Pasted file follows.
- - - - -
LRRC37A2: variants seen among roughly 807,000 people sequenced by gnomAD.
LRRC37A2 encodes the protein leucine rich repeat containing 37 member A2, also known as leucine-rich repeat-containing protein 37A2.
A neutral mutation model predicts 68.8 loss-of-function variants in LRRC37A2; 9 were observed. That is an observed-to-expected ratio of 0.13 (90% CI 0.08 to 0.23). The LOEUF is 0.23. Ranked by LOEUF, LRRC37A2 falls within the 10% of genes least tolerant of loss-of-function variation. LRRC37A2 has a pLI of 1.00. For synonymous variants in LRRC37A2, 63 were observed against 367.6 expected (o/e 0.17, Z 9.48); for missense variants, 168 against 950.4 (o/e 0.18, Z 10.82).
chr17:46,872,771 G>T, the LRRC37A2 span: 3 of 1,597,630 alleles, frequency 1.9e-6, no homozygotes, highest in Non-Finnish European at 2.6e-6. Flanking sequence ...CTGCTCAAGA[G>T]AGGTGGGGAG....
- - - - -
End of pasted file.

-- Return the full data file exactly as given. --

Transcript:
LRRC37A2: variants seen among roughly 807,000 people sequenced by gnomAD.
LRRC37A2 encodes the protein leucine rich repeat containing 37 member A2, also known as leucine-rich repeat-containing protein 37A2.
A neutral mutation model predicts 68.8 loss-of-function variants in LRRC37A2; 9 were observed. That is an observed-to-expected ratio of 0.13 (90% CI 0.08 to 0.23). The LOEUF is 0.23. Ranked by LOEUF, LRRC37A2 falls within the 10% of genes least tolerant of loss-of-function variation. LRRC37A2 has a pLI of 1.00. For synonymous variants in LRRC37A2, 63 were observed against 367.6 expected (o/e 0.17, Z 9.48); for missense variants, 168 against 950.4 (o/e 0.18, Z 10.82).
chr17:46,872,771 G>T, the LRRC37A2 span: 3 of 1,597,630 alleles, frequency 1.9e-6, no homozygotes, highest in Non-Finnish European at 2.6e-6. Flanking sequence ...CTGCTCAAGA[G>T]AGGTGGGGAG....